Herds of wild (more properly called “feral”) horses roam the United States under many jurisdictions, and they're not always welcomed with open arms. One of the most unusual--and contentious--flareups has been the fight over the fate of a herd in Louisiana that chooses to range the US military base at Fort Polk, Louisiana. The US Army wants the trespassers to leave. The horses' defenders want the Army to keep their hands off them. The next range they’ll roam will be the US court system, as advocates sue to protect the rights of the wild horses most of us never even knew were there.
An advocacy group called the Pegasus Equine Guardian Association (PEGA) is rounding up support for its day in court with the US Army at Louisiana's Fort Polk. The struggle between advocates and the military goes back to the first roundups in the 1990s. At that time, state officials were accused of pressuring federal interests to the horses off their land.
When they stand before the judge, the advocates will have legal assistance from the Tulane Environmental Law Clinic (TELC), a group that prestigious Tulane University describes as “Louisiana’s premier public interest environmental legal services organization”. In the meantime, the first group of 50 rounded-up Fort Polk horses has been transported to the Humane Society of North Texas, where they will be put up for adoption.
The formal legal action was filed on December 14, 2016, on behalf of those who believe the horses should stay--and have every right to do so. The legal defense is built on the implied protection of the horses under the National Environmental Policy Act (NEPA) and the National Historic Preservation Act (NHPA). PEGA claims a historic standing for these horses, based on the existence of feral horses in this part of the state dating back to the days before Louisiana became a state in 1812. Early settlers in the area mentioned the feral horses. A genetic cross-populating of Native American and Spanish Colonial horses is believed to be at the root of the herd’s ancestry; the lawsuit claims that these horses are “a critical component of the cultural history in Western Louisiana”. In the years just before World War II, the land at question--feral horses and all--was appropriated as a military base and became known as Fort Polk.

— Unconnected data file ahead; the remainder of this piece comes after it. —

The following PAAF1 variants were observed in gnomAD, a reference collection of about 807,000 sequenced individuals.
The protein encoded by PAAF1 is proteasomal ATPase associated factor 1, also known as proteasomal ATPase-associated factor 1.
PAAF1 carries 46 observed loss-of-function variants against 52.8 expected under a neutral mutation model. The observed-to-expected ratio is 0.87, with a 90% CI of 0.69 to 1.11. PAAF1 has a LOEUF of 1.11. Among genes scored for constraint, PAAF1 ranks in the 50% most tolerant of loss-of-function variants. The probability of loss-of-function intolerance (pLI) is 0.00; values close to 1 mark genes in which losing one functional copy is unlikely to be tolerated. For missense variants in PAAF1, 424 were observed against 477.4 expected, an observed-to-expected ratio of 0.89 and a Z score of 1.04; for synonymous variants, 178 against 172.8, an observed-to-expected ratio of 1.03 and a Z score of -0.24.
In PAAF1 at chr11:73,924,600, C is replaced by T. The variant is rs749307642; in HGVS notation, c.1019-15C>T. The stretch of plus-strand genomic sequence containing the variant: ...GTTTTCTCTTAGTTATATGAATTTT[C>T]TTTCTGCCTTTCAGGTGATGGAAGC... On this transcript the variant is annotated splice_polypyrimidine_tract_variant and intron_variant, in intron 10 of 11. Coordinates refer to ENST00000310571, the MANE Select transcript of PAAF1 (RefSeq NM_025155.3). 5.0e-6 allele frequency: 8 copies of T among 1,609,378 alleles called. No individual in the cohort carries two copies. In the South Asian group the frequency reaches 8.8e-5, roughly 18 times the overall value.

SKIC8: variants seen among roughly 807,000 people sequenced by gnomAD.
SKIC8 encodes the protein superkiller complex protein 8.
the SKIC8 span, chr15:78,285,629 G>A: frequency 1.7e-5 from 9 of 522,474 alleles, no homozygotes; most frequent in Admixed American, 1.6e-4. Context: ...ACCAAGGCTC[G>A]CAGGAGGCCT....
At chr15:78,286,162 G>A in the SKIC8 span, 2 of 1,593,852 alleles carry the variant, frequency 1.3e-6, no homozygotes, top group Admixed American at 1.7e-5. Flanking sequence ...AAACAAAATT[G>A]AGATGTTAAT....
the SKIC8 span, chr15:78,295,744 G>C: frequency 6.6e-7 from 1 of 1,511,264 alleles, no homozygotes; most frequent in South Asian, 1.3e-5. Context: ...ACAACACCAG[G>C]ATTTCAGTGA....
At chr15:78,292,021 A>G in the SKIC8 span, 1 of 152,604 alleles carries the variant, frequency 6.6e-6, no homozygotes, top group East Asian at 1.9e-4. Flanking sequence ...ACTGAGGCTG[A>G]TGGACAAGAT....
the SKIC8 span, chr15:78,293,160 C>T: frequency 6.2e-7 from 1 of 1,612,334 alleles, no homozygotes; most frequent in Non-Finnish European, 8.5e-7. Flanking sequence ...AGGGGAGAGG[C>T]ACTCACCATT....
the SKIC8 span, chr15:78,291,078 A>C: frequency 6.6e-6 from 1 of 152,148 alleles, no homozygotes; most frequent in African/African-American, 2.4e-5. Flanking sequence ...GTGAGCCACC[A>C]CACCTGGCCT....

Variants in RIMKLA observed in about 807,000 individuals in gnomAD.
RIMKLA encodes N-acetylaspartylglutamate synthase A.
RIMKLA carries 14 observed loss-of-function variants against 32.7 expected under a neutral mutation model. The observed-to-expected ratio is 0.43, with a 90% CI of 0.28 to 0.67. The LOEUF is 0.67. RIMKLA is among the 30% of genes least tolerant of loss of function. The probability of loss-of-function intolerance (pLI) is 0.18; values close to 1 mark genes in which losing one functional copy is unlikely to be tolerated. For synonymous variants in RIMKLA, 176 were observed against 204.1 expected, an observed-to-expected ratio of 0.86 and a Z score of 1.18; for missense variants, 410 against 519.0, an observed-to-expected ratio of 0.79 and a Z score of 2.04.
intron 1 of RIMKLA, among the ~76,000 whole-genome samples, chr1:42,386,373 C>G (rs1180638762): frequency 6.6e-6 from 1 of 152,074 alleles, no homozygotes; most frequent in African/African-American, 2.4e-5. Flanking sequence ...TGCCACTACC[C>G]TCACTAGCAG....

In the latest attempt to oust the equines, the US Army called for public comment on the possible removal of the horses. In May of this year, according to the lawsuit, the military issued a Finding of No Significant Impact (“FONSI”) regarding removal of the horses. As a result of the FONSI, the military declared that an Environmental Impact Statement would not be necessary, and the horses could be collected by base personnel in groups of 10 to 30 horses at a time. Outside agencies would have a short window of time to claim these horses for adoption, with any leftover animals being sold to a bottom tier of contacts for public sale.
The suit names the U.S. Army, Brigadier General Gary M. Brito (in his official capacity as Commanding General), the Joint Readiness Training Center (JRTC), and Fort Polk itself as defendants.
The military has been rounding up and removing horses from the base since at least 1993, according to a timeline for the herd. Back in 2002, the TELC was instrumental in gaining a court order that stopped a planned roundup on Fort Polk until the Army could develop a management plan. As a result, in 2010, the Army decided to attempt sterilization of the horses, to return them to Army land, and to allow them “to roam free” rather than to remove them. That lawsuit named the Army, the US Department of Agriculture and the US Forest Service as co-defendants.
Fast forward five years, and they’re headed back to court again.